Cisco Systems on Tuesday introduced software for controlling energy use in networked computing equipment as well as building heating and cooling systems.
Called EnergyWise, the software is a free upgrade to Cisco Catalyst switches that can monitor and manage how energy is used on IP-connected devices, including phones and wireless routers. This summer Cisco will release a version, based on, that reduces energy levels of PCs.
With EnergyWise, a company can set policies on energy use, allowing PCs or networking equipment to go into sleep mode after work hours, for example.
Cisco's longer-term plan is to get beyond tech gear and into building-automation systems.
Early next year, EnergyWise will be able to manage building assets, including heating, ventilation, air conditioning, lighting, and employee badge systems.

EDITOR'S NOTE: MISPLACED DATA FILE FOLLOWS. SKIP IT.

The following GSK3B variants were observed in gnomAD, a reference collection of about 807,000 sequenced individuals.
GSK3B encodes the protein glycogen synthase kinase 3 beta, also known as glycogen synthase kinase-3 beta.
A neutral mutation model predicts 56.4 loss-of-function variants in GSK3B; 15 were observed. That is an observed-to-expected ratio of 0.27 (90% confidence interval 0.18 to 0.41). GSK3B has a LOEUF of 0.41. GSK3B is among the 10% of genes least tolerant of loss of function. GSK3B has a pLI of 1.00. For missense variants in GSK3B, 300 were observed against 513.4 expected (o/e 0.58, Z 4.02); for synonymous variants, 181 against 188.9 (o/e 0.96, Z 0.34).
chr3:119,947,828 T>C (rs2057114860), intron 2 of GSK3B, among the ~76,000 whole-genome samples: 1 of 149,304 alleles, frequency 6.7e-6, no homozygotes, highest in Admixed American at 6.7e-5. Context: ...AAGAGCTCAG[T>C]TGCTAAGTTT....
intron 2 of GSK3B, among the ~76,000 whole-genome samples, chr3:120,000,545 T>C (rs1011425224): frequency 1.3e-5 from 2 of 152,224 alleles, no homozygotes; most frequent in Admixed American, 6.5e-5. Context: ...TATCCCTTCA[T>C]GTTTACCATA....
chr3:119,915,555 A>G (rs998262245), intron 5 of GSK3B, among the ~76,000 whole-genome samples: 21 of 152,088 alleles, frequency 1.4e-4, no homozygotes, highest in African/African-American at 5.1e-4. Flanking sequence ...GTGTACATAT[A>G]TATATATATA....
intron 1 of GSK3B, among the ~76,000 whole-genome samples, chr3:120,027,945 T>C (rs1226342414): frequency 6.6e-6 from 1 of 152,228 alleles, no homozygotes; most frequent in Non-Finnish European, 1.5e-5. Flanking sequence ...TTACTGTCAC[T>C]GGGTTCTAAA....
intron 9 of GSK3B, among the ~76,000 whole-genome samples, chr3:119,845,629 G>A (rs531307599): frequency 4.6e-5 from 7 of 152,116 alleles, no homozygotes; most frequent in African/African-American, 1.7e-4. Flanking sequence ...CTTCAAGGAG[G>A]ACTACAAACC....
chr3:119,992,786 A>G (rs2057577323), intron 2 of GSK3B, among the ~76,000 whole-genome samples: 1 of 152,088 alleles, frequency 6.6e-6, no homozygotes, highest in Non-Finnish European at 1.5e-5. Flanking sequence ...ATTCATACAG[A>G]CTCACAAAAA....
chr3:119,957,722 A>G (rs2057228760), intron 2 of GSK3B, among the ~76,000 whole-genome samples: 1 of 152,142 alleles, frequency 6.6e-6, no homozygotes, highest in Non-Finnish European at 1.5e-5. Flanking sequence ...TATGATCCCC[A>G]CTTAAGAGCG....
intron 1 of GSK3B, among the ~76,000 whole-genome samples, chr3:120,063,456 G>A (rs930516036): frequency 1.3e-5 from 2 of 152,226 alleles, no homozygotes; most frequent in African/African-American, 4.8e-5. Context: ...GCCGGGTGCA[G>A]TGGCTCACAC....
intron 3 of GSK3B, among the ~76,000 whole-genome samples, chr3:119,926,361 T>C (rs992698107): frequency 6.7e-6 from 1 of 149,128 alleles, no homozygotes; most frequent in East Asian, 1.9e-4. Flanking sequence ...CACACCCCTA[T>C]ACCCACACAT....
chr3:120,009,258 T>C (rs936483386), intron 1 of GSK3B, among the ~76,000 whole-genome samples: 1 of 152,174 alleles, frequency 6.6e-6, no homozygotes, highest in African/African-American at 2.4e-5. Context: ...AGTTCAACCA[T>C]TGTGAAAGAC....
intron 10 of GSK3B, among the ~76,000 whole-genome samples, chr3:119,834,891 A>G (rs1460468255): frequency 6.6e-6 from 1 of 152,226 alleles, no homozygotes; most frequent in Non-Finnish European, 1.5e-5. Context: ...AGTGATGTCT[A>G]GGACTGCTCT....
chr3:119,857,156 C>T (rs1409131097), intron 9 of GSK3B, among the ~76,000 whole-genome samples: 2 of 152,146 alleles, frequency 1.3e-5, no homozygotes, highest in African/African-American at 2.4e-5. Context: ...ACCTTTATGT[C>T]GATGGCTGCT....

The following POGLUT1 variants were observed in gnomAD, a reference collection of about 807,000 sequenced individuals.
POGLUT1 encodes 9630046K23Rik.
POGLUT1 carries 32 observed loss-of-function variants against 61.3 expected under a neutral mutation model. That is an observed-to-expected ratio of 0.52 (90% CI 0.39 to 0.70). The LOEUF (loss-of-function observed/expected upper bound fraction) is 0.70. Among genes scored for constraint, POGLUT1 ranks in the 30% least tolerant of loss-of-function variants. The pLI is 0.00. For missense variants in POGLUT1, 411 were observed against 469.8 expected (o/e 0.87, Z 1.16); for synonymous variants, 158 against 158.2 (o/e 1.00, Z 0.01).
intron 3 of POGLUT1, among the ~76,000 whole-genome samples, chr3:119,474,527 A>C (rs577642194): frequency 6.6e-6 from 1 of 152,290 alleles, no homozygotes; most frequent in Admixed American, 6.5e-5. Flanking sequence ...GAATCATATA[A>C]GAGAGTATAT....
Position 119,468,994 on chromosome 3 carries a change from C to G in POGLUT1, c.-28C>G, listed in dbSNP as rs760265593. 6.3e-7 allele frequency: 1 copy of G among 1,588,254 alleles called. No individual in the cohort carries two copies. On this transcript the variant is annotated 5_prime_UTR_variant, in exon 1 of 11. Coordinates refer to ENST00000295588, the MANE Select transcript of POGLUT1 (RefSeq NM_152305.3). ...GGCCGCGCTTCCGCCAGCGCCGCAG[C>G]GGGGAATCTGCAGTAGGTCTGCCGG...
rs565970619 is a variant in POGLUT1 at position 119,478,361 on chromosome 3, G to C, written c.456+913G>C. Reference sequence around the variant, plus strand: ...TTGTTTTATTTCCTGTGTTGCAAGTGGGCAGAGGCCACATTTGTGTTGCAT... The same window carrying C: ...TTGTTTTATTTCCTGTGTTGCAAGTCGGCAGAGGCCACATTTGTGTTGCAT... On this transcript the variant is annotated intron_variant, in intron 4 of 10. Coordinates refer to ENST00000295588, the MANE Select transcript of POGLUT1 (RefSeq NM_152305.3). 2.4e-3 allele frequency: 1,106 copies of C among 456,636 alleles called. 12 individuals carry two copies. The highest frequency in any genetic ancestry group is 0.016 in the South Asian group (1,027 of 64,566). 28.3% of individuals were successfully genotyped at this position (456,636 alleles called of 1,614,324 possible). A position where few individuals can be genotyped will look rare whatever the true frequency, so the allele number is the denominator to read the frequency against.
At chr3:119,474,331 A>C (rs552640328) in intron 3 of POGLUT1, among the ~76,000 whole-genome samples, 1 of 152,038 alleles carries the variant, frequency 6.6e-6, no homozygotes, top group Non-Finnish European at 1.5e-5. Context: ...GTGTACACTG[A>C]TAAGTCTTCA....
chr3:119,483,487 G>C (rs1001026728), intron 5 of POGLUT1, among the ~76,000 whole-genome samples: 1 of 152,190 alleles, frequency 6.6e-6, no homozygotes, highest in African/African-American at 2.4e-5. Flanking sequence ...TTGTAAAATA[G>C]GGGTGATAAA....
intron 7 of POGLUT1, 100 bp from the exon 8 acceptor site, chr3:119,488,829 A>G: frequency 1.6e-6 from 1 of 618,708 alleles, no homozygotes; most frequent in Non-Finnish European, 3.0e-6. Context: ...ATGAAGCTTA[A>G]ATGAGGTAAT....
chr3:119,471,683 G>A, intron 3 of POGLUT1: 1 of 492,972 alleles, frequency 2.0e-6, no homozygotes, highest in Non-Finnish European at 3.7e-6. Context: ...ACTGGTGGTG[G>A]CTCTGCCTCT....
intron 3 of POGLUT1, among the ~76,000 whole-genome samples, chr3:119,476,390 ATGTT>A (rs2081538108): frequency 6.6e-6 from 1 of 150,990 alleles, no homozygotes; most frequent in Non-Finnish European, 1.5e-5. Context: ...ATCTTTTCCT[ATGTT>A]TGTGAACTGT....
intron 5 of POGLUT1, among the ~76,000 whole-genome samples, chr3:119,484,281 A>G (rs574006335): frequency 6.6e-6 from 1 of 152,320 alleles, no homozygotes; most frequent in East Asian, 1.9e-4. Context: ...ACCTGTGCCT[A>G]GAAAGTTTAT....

On Tuesday, Cisco said it bought a company called Richards-Zeta Building Intelligence that makes software that translates information from building equipment, such as heating and cooling systems, into a format that can be read by EnergyWise and other software applications.
Other large IT vendors, like IBM, are making similar efforts to manage both IT equipment and building management systems.
Cisco is also working with Schneider Electric to tie its building management system to the EnergyWise software. But William Choe, director of Cisco's Ethernet switching technology group, told Light Reading that many of the energy savings for companies will occur by installing the software on smaller routers in a business.
"The majority of these switches in this application are in the wiring closet, touching the endpoints--the APs (access points) and the IP phones," Choe said.